When I was working in a nursery in 1989 while still in high school, all I was trying to do was fund my first car purchase. Little did I know this step would mark the beginning of a career spanning over three decades in horticulture.
My path has led me through various roles, from retail nurseries to interior plant sales, residential landscape design, and now, since 2000, commercial landscape maintenance.
I’ve always felt a natural connection with plants, intuitively understanding their needs for water and light, a skill that also extended to nurturing people. This innate affinity, which I like to think of as my green thumb, has been a constant throughout my career. As I progressed from sales to operations, I discovered my passion, and this journey has not only honed that green thumb but also equipped me with valuable insights into thriving as a Branch Manager in the landscaping industry.
I’m eager to share these lessons with you, lessons that are as much about growing plants as they are about cultivating success in this dynamic field.
Table of Contents
Transitioning to Branch Manager
During the first few years of my 18-year career at ValleyCrest (now BrightView Landscapes), I was able to move from Business Developer to Branch Manager. This was my chance to use my years of accumulated horticultural knowledge to benefit our team and customers.
What was just a transition from sales to operations later proved to be a permanent shift for the rest of my career.
Understanding team dynamics
I was in the role of Branch Manager for 10 years, and those were the most challenging and rewarding years of my career. I went from being my Account Manager’s peer to their manager; as you can imagine, that was a big hurdle to climb.
Once I settled into my role, I found that my biggest challenge was understanding how to mentor my team members effectively. Why? Because they vastly differed in their skills and personalities.
Here, some were excellent horticulturists but were socially awkward. Some were great with their clients and peers but couldn’t proactively manage their crews. I learned a lot during my years in this role on how to adjust my communication style to theirs.
Client-manager alignment as a Branch Manager
Another significant challenge Branch Managers face is aligning their clients’ properties with an Account Manager who best fits their expectations.
In my opinion, it really helps to be empathetic to understand the customer’s expectations, especially since they don’t always spell it out for you clearly at the beginning of a new business relationship. Learning to read between the lines can save you and your team from a lot of headaches.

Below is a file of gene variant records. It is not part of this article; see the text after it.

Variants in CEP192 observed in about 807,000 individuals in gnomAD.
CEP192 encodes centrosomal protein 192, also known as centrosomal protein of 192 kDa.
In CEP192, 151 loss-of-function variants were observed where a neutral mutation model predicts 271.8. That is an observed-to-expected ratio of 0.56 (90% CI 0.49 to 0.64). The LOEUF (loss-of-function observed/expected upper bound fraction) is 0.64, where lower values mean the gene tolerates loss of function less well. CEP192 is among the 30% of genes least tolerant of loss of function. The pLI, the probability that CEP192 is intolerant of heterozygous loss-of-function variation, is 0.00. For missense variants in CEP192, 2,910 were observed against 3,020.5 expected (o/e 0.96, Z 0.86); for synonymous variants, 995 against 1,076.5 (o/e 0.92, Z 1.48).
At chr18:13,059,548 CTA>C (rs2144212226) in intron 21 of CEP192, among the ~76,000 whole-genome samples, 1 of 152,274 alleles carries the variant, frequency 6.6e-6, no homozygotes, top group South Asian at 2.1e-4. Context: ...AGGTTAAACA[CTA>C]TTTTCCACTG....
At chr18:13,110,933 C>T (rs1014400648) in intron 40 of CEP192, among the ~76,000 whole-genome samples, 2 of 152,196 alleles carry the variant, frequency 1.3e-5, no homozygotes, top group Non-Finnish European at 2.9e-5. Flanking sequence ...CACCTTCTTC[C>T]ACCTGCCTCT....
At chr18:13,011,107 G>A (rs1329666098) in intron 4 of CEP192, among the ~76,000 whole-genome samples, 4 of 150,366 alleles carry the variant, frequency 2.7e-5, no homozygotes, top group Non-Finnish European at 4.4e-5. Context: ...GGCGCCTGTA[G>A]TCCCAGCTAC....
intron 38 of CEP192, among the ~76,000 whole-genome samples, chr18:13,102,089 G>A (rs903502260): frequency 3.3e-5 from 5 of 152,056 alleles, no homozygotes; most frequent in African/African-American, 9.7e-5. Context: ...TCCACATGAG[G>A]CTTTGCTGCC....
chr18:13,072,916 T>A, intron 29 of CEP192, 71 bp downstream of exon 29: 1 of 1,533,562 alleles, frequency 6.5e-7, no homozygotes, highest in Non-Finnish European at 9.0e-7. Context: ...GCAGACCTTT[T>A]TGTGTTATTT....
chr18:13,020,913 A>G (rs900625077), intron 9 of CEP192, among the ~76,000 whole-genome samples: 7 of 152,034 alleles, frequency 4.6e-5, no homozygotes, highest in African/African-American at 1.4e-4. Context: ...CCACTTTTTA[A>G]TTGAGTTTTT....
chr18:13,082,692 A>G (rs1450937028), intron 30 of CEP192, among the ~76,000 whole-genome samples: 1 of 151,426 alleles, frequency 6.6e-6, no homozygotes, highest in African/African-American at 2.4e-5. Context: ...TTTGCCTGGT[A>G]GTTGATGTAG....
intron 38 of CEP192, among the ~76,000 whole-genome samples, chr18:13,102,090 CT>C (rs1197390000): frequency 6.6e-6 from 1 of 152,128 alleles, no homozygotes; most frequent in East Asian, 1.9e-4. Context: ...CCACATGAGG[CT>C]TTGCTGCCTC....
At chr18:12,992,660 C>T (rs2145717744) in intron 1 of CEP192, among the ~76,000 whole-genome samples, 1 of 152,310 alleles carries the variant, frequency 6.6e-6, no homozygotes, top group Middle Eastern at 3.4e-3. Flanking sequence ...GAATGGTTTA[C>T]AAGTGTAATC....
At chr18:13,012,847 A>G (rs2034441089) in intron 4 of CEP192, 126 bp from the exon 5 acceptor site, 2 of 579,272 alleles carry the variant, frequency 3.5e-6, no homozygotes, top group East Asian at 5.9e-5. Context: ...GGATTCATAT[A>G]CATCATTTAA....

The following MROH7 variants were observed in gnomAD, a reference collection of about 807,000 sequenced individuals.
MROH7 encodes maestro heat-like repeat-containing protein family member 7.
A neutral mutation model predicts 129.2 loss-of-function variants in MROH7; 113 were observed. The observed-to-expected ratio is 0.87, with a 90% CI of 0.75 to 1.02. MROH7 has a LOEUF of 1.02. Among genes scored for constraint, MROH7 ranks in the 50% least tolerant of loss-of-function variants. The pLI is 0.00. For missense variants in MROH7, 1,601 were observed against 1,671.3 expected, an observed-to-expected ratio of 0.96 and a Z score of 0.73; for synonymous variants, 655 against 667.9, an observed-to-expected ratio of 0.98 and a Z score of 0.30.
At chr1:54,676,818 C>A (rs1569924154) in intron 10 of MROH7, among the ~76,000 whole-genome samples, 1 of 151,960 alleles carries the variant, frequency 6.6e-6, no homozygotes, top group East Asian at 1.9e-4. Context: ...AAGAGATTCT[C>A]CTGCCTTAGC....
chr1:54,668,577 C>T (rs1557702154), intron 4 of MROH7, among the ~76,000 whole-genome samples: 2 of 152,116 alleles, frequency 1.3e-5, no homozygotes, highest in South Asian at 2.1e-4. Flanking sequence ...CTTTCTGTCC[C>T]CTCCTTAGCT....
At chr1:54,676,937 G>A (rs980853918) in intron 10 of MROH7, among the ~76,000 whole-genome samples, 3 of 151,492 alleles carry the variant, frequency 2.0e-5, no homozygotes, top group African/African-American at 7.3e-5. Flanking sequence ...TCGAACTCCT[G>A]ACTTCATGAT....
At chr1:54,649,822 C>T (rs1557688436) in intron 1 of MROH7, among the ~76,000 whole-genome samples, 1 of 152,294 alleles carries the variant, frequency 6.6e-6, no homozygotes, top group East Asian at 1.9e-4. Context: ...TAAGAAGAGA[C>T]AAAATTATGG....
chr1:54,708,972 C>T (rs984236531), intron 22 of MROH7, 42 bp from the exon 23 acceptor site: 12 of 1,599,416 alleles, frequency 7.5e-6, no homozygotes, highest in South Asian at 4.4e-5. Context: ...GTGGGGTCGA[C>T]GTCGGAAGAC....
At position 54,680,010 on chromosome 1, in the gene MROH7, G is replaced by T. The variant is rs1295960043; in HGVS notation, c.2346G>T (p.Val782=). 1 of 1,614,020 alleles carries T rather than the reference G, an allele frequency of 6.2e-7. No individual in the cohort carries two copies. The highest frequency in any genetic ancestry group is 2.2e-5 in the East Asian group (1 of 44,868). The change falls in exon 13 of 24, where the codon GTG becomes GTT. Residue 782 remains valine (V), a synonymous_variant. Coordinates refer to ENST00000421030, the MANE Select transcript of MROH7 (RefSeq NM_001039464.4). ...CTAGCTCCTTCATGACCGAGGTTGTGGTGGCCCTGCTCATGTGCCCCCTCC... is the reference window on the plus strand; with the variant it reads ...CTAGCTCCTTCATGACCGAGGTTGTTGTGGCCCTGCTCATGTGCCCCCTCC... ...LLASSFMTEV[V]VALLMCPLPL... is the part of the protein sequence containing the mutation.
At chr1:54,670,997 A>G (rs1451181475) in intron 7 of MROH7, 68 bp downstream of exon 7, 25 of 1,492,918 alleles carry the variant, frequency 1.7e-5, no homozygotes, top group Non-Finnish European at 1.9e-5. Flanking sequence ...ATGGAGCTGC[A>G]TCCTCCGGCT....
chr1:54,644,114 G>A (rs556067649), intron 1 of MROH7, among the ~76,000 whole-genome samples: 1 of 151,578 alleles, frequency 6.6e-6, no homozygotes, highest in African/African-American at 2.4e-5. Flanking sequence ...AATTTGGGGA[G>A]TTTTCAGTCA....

Honing your team into a team as a Branch Manager
Build your team by identifying and understanding each member’s strengths and weaknesses (including your own). And then it’s critical you have them help each other to develop a team that can handle any issues that arise by working together under your leadership toward a common goal.
If you are unsure of how to make these assessments, I suggest learning the DISC method as a starting point. This helped me immensely to understand how my team and I were different and how to use our strengths collectively.
To be perfectly candid, Branch Managers have so many balls to juggle. Knowing how to prioritize and re-prioritize tasks daily can be challenging. That’s why when I get overwhelmed, I recall the lesson “Big Rocks, Little Rocks.”
It all boils down to making time for the most impactful tasks first, and the rest will fall into place.
5 Tips For Aspiring Branch Managers
If you want to become a Branch Manager, here are the top 5 tips I recommend you focus on to ensure you reach your goal.
- Exceed expectations
- Take initiative
- Get certified
- Express your aspirations
- Embrace feedback
Always go above and beyond in your current role to demonstrate your team spirit and loyalty to your organization.
Start handling simple tasks that the Branch Manager typically does. This shows your leadership potential and proactive approach.
Acquire your Pesticide License or Certified Arborist License based on what is most impactful for your local business and its customers.
Express your aspirations
Request a meeting with upper management to discuss your career goals and ask for feedback on areas for improvement.
Be open to constructive criticism and act on it promptly to show your commitment to personal and professional growth.
One of the many great attributes of the green industry is that there’s always something new to learn. Stay humble, keep learning, and let your passion for improving local landscapes shine. By doing so, not only will you succeed, but you will also contribute to the evolving world of landscaping.
For more actionable takeaways on how to scale your landscaping business in 2024, learn straight from experts. Join Attentive.ai’s limited 7-episode ScaleUp Webinar Series today.